Mixing delicate Nick Drake Guitars with a beautiful and haunting voice, reminiscent of Alisdair Roberts or Alan Davidson, this is a high quality selection of songs that is timeless in its subtle enchantment.
Opening with “You Will Return”, it is immediately apparent that here is an artist with rare talent, the gentle rainfall guitar blending wonderfully with the contemplative lyrics to create a mesmerising slice of acoustic wizardry.
Featuring some delicately poised vocal overdubs and just the right amount of instrumental ornamentation, the album seems to flow like a river, gently caressing your soul as it talks of the joys and tears of existence, and our place in the universe, the lyrics dealing with melancholy in a sympathetic and beautiful way.
Possibly my favourite track on the album is the poignant “My Name Is Death”, concerning a farmer's meeting with death and the inevitable outcome of such a meeting, the tale orchestrated perfectly by the playing and quiet arrangement. Elsewhere on the album, “Judgement Day” is a mellow tune with some rustling percussion and a west-coast feel, whilst “Galaxies” is so beautiful it almost hurts.
With so much to enjoy and explore, this is an album you will find yourself returning to again and again, if only for the majestic “St George’s Hill”, another song tinged with sadness whilst being blessed with magic and a heart-stopping vocal delivery to take your breath away.
Available as a download from Allister's website, this is a classic in the making from an artist you will be hearing more about. Do yourself a favour and jump in early, you won’t regret a moment. - Terrascope Online


Infinities (2007)
Shadowlands (2009)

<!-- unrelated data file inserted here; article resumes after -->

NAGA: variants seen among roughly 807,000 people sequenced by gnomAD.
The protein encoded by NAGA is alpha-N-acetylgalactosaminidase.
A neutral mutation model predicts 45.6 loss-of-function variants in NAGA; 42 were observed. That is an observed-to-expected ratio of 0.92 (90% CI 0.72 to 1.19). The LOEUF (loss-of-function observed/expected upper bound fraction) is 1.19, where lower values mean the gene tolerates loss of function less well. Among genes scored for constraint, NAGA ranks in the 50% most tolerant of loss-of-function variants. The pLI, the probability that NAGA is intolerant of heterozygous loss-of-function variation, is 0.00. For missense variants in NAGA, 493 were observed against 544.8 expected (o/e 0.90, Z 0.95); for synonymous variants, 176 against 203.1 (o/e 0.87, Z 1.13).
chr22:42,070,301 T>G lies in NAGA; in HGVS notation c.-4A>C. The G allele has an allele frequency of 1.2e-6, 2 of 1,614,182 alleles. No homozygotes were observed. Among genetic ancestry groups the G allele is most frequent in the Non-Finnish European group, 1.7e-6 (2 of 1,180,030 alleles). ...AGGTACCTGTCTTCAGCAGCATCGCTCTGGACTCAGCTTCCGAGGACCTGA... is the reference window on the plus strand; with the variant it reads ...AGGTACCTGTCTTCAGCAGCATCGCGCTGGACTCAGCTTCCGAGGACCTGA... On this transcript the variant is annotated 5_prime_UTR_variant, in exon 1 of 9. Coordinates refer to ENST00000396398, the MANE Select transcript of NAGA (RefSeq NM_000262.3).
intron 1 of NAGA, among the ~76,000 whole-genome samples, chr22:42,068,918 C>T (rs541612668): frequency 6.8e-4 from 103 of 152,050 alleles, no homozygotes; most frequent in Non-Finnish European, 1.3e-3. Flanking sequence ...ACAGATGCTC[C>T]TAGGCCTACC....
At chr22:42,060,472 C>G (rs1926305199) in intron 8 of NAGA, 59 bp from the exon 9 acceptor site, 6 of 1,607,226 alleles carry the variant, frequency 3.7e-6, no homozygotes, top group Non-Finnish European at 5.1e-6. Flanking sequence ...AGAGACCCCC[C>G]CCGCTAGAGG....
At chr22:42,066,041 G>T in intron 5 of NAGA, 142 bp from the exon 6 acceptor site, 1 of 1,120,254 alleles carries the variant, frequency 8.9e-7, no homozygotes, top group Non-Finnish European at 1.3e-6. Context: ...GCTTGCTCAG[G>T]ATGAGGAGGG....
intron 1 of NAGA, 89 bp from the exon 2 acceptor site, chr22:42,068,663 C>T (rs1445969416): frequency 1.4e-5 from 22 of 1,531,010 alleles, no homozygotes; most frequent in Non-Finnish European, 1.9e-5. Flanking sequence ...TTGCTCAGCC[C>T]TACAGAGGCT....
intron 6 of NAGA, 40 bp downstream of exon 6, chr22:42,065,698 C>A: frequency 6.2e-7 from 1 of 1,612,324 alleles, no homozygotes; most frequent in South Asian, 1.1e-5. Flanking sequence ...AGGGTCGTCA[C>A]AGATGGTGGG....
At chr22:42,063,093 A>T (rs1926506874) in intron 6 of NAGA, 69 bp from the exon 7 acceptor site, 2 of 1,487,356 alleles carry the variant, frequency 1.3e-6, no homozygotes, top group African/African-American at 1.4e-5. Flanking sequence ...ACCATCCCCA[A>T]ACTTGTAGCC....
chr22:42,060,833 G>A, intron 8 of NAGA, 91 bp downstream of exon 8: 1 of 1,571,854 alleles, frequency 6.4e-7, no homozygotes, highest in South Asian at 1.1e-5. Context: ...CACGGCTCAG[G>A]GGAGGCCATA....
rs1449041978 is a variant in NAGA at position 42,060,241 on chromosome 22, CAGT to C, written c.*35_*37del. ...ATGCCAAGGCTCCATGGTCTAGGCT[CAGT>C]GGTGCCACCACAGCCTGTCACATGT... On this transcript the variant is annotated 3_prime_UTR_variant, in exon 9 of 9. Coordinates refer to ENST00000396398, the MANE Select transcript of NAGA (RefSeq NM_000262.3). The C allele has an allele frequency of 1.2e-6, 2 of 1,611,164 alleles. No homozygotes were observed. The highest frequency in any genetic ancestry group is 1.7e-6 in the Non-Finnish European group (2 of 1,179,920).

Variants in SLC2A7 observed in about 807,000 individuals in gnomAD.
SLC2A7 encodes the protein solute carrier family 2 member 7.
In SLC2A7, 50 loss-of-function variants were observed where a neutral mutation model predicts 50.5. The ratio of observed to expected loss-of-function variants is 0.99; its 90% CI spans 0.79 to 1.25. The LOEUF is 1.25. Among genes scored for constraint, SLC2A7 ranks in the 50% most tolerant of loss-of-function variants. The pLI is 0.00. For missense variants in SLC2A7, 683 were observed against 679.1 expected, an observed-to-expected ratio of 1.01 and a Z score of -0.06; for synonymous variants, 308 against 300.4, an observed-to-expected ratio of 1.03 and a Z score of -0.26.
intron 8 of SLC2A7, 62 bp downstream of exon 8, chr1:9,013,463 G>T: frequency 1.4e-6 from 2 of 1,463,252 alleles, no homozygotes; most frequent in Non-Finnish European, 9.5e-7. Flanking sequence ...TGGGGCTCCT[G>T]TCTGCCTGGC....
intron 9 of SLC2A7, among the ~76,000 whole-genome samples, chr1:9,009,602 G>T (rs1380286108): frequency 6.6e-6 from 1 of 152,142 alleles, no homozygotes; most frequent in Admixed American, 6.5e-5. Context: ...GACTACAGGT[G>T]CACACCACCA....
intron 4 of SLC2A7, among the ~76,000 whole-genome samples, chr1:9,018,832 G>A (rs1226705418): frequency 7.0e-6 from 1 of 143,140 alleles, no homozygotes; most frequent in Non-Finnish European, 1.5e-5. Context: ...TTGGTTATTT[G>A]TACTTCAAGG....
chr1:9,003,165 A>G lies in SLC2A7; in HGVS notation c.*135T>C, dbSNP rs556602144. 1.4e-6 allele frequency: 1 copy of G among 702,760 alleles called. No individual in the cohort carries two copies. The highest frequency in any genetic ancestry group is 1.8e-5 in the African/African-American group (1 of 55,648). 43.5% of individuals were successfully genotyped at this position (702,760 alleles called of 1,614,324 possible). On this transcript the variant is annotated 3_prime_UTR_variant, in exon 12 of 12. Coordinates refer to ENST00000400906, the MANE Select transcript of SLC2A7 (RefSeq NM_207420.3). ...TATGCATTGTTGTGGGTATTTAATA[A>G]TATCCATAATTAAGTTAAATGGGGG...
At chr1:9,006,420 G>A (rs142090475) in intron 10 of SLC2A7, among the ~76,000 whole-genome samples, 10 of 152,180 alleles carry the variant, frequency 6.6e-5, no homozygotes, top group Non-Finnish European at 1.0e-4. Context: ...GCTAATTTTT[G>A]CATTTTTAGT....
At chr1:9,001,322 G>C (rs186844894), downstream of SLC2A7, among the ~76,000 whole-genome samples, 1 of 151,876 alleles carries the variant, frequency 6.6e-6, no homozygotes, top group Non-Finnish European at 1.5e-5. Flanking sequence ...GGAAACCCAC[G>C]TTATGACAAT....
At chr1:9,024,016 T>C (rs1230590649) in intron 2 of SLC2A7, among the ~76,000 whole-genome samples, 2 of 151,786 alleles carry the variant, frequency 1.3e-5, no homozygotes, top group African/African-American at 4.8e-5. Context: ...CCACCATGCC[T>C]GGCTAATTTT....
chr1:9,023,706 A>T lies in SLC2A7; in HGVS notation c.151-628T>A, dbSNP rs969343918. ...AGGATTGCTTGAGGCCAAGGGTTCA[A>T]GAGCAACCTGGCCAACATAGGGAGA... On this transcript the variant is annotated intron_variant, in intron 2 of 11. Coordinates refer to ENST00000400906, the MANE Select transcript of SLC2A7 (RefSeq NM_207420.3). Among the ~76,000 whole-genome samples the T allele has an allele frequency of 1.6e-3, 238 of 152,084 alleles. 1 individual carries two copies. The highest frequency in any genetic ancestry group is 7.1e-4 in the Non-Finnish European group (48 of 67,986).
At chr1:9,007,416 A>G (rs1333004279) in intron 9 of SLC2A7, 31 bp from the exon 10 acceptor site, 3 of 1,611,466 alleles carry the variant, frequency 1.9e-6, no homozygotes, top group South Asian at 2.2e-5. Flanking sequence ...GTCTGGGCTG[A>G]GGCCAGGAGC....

Allister Thompson is a Toronto, Canada-based singer, songwriter and guitar player, whose music is inspired by the folk greats of the Seventies such as Tim Buckley, John Martyn, Sandy Denny and Nick Drake as well as early progressive rock groups like the Moody Blues and Pink Floyd and ambient music.

His first solo recording, "Infinities", was produced at home and has won many accolades in the alternative folk community.

After a varied career in bands, the highlight of which was a number of years spent with cult glam band Crash Kelly, he spent the winter of 2008/09 holed up at Studio W19 in Toronto with producer Michael Dilauro working on his first studio solo album, "Shadowlands".

The music on this record is a stew of different musical styles, ranging from melodic folk-rock to psychedelic pop, acid folk to symphonic progressive rock and ending with a 9-minute full blown Krautrock-esque piece featuring Mongolian-style throat singing.

"Shadowlands" is the culmination of years of writing and experimenting, as well as the fruit of months of creative collaboration between Allister and a large cast of singers and musicians on guitar, bass, drums, organs and mellotrons, violins, flutes, rainsticks and space cymbals.

more music samples can be found at: